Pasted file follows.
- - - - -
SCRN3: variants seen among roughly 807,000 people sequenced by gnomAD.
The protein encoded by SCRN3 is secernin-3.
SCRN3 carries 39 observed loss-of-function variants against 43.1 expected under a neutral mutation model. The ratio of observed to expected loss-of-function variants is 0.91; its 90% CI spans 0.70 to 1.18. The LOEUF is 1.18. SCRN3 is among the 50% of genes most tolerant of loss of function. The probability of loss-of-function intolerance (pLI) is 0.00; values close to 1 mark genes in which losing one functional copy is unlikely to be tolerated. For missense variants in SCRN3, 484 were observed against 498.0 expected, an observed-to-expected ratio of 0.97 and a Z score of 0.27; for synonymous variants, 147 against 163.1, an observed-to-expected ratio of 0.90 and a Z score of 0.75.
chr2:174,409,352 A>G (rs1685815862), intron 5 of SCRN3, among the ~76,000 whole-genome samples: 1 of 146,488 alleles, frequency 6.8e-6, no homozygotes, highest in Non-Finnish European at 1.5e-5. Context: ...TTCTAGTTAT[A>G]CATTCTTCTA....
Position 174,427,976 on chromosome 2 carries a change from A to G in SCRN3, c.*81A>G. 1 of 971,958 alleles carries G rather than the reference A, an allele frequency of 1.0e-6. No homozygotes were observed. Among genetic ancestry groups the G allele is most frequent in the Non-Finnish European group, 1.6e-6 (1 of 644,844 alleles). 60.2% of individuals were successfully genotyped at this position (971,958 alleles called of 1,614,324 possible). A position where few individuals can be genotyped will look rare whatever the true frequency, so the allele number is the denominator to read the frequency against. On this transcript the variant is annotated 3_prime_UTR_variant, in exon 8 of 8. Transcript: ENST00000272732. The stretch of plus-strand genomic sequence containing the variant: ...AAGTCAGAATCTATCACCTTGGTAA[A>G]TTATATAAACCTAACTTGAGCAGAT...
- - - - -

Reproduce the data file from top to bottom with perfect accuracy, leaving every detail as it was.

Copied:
SCRN3: variants seen among roughly 807,000 people sequenced by gnomAD.
The protein encoded by SCRN3 is secernin-3.
SCRN3 carries 39 observed loss-of-function variants against 43.1 expected under a neutral mutation model. The ratio of observed to expected loss-of-function variants is 0.91; its 90% CI spans 0.70 to 1.18. The LOEUF is 1.18. SCRN3 is among the 50% of genes most tolerant of loss of function. The probability of loss-of-function intolerance (pLI) is 0.00; values close to 1 mark genes in which losing one functional copy is unlikely to be tolerated. For missense variants in SCRN3, 484 were observed against 498.0 expected, an observed-to-expected ratio of 0.97 and a Z score of 0.27; for synonymous variants, 147 against 163.1, an observed-to-expected ratio of 0.90 and a Z score of 0.75.
chr2:174,409,352 A>G (rs1685815862), intron 5 of SCRN3, among the ~76,000 whole-genome samples: 1 of 146,488 alleles, frequency 6.8e-6, no homozygotes, highest in Non-Finnish European at 1.5e-5. Context: ...TTCTAGTTAT[A>G]CATTCTTCTA....
Position 174,427,976 on chromosome 2 carries a change from A to G in SCRN3, c.*81A>G. 1 of 971,958 alleles carries G rather than the reference A, an allele frequency of 1.0e-6. No homozygotes were observed. Among genetic ancestry groups the G allele is most frequent in the Non-Finnish European group, 1.6e-6 (1 of 644,844 alleles). 60.2% of individuals were successfully genotyped at this position (971,958 alleles called of 1,614,324 possible). A position where few individuals can be genotyped will look rare whatever the true frequency, so the allele number is the denominator to read the frequency against. On this transcript the variant is annotated 3_prime_UTR_variant, in exon 8 of 8. Transcript: ENST00000272732. The stretch of plus-strand genomic sequence containing the variant: ...AAGTCAGAATCTATCACCTTGGTAA[A>G]TTATATAAACCTAACTTGAGCAGAT...